My teachers, mentors, and friends,
I have known since I first read the letter you released that I wanted to respond to you. I have known that you would receive many other letters and I have wondered whether it was worth anything to add my voice, but you all have taught me that my voice matters, and so I will speak. Others have written from the perspective of the broader issues at stake, and I believe that is an essential part of the conversation. But I want to speak personally, because I believe this is all so deeply personal. In fact, I think somewhere underneath the problematic language of this letter, I imagine you were making the same argument: this is all so deeply personal and we would do well to remember it.
My response to the letter you unanimously stood behind was—like many others’—one of deep hurt and betrayal. In your call to “mutual forbearance” and refrain from “premature resolution”—I heard a scolding and a warning not to push too hard for justice or equality at the risk of others’ comfort or sense of belonging. In response I wondered what value there is in a sense of belonging that founds itself in the exclusion (fully or partially) of others. In the past year, I have just begun to understand the weight of history I will carry by being an out ordained queer pastor in the PCUSA. In your pleas for slow, careful movement and your warnings against “haste”—I saw the decades of struggle and pain and hard-won progress of those who have come before me collapsed into the phrase “too soon.” I heard a call to prioritize kindness over integrity and unity over justice—as if these things did not share one beating heart. As if there could ever be true kindness and unity without justice and equality.
I knew, of course, that this letter was not meant to address only me and others like me. But in as much as it seemed to respond to an assumed possibility of imminent departure, I wondered why it was addressed to us at all. What better example of “forbearance” can you imagine than those who have stayed within this church year after year and decade after decade despite abuse, dismissal, injustice, and inequality? What better example can be identified as commitment to the church than those who have invested their lives and livelihoods to ministry even when their ordination has been denied to them on the basis of their God-given identity? What better show of faith is there than those who have remain true to their calling and committed to the Church, even when it has cost them their families, their communities, their safety? What better picture of kindness is there than those who have stood before couples and joined them together in marriage even while their own marriages go unrecognized?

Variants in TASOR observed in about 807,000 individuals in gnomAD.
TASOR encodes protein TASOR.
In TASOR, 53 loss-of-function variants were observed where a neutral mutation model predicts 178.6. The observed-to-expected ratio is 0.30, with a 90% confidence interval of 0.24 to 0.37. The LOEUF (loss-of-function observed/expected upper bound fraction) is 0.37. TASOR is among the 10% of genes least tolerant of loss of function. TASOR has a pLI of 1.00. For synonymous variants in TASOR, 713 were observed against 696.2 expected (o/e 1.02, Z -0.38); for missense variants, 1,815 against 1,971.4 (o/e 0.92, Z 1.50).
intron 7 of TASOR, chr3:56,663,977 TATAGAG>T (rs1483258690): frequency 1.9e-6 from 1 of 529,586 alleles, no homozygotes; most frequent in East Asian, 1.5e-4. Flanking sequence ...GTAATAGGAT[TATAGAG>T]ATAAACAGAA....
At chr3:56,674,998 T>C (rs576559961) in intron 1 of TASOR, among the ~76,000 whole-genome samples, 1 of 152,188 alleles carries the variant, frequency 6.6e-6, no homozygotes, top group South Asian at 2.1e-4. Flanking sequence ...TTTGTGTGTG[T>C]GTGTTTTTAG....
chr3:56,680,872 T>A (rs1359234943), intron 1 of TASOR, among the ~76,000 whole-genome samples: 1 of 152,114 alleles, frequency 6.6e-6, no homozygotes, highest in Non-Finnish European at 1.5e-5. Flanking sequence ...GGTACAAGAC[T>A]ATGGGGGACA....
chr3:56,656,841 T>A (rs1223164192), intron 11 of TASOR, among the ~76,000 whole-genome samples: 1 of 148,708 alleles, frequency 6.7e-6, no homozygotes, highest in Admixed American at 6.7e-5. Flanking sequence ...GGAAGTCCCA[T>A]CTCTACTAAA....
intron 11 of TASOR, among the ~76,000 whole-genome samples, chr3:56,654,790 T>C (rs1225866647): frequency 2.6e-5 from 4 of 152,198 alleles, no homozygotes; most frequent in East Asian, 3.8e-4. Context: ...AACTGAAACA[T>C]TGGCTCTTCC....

Might I suggest that such as these have something to teach the whole church about what loving kindness is? That is, we will fight for the Church that God calls us to be. We will speak truth. We will name injustice. And then, when others refuse to listen, when others refuse to respect and include us, when others abuse us in the name of the God who has called us, we will stay. But we will never stay quiet when there are still things in need of saying. We have too much love for the Church to settle for less.
I want to say that what was so deeply hurtful to me about this letter, was that what it seemed to be saying was so contrary to the radical inclusion, love, and embrace that so many of you have offered me in my time here and taught me to embody in my own ministry. You have been parents to me when my own could not be, you have affirmed my call and championed me when my community of origin would not, you have taught me a theology of radical love and grace when the theology I had been raised in made me feel only shame and fear. Over the past week, I have at some point thought of each of you individually—seen images of times spent in your offices and classrooms, moments that have challenged me and shaped me and taught me to believe in and fight for a better church—and I have wept. I have cried so much at the thought that these same professors and mentors who have sat with me in those dark places and taught me to hope in the face of seeming hopelessness, would now sign their names to a document asking me to hope less. To temper my faith in the Church that could be and my call to work for it without compromise.
I have had many conversations about your words over the past several days. On several occasions, I’ve had the opportunity to hear some of you clarify your intent and apologize for the other interpretations the letter has allowed. I have heard you say that your intent with this letter was precisely the opposite of how many of us have read it. That, in fact, you meant for your support of queer persons like myself to be assumed, and that you were urging others to be respectful of us and our need for justice. Some of you have admitted naivete and regret at the pain your words have caused. And hearing these things, I have wept again. I have taken great, gulping breaths of relief at the reassurance that you are not something other than I trusted you to be.